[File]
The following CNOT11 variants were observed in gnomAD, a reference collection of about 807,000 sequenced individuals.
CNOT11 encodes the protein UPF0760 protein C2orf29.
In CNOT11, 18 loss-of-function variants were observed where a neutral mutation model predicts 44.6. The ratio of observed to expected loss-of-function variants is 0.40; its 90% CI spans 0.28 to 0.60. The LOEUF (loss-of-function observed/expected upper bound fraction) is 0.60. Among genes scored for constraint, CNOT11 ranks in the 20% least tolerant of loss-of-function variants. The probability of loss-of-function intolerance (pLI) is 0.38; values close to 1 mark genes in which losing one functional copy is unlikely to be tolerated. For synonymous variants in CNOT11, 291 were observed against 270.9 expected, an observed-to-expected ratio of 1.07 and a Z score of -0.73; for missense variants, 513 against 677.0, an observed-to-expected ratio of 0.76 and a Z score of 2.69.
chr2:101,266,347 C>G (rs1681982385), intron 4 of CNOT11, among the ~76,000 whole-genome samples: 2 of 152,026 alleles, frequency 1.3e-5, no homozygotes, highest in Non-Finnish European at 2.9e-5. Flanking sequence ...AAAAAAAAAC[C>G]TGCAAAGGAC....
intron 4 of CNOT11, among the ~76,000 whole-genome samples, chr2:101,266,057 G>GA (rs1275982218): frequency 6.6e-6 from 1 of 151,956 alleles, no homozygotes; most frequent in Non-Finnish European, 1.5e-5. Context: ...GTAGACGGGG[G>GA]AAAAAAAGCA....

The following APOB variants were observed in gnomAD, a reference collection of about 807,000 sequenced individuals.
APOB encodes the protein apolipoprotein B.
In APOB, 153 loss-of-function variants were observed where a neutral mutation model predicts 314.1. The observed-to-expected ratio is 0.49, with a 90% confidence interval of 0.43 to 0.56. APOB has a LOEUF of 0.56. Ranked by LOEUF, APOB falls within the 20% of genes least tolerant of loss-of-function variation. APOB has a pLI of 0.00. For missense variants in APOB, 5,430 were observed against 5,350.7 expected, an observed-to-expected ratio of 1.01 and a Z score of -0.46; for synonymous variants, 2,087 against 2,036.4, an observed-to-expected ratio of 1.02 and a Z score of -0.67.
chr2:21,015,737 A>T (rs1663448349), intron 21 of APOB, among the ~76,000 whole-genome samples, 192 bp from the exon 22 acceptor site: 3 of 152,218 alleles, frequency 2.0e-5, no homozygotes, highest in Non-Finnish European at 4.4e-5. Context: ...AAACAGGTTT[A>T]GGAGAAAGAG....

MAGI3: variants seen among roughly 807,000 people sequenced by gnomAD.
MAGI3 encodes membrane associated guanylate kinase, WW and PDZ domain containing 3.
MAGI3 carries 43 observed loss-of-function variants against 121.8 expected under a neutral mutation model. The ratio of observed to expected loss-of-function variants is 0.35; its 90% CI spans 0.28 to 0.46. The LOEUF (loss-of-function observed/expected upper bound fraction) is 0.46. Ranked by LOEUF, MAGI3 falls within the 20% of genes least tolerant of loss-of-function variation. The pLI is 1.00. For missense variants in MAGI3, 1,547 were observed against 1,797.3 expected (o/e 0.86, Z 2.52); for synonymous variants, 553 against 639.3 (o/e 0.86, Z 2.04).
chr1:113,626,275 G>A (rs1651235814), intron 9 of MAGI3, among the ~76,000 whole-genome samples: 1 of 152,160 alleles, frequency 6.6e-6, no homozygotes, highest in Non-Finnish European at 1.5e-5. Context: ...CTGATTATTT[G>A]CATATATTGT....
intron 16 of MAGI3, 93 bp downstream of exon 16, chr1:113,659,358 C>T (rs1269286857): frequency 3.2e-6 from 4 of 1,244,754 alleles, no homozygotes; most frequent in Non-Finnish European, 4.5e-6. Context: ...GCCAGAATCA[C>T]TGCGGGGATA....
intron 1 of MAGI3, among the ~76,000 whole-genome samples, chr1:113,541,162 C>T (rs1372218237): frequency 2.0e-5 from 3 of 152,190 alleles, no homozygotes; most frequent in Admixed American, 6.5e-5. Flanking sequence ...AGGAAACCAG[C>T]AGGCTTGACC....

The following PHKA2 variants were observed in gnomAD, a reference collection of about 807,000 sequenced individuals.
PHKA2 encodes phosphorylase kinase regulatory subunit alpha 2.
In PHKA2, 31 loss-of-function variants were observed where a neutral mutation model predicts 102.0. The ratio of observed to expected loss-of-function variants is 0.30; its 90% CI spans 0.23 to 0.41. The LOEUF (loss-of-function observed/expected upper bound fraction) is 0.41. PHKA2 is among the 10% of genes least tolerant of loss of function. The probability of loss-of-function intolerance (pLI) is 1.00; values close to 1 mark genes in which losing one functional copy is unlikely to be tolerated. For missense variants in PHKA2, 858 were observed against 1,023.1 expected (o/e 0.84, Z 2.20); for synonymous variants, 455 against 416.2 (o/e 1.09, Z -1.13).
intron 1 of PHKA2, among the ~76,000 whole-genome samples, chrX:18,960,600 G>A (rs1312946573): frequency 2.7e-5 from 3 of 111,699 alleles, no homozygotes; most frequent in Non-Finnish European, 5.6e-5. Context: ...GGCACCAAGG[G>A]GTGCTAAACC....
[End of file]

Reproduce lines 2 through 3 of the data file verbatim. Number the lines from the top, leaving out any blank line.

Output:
CNOT11 encodes the protein UPF0760 protein C2orf29.
In CNOT11, 18 loss-of-function variants were observed where a neutral mutation model predicts 44.6. The ratio of observed to expected loss-of-function variants is 0.40; its 90% CI spans 0.28 to 0.60. The LOEUF (loss-of-function observed/expected upper bound fraction) is 0.60. Among genes scored for constraint, CNOT11 ranks in the 20% least tolerant of loss-of-function variants. The probability of loss-of-function intolerance (pLI) is 0.38; values close to 1 mark genes in which losing one functional copy is unlikely to be tolerated. For synonymous variants in CNOT11, 291 were observed against 270.9 expected, an observed-to-expected ratio of 1.07 and a Z score of -0.73; for missense variants, 513 against 677.0, an observed-to-expected ratio of 0.76 and a Z score of 2.69.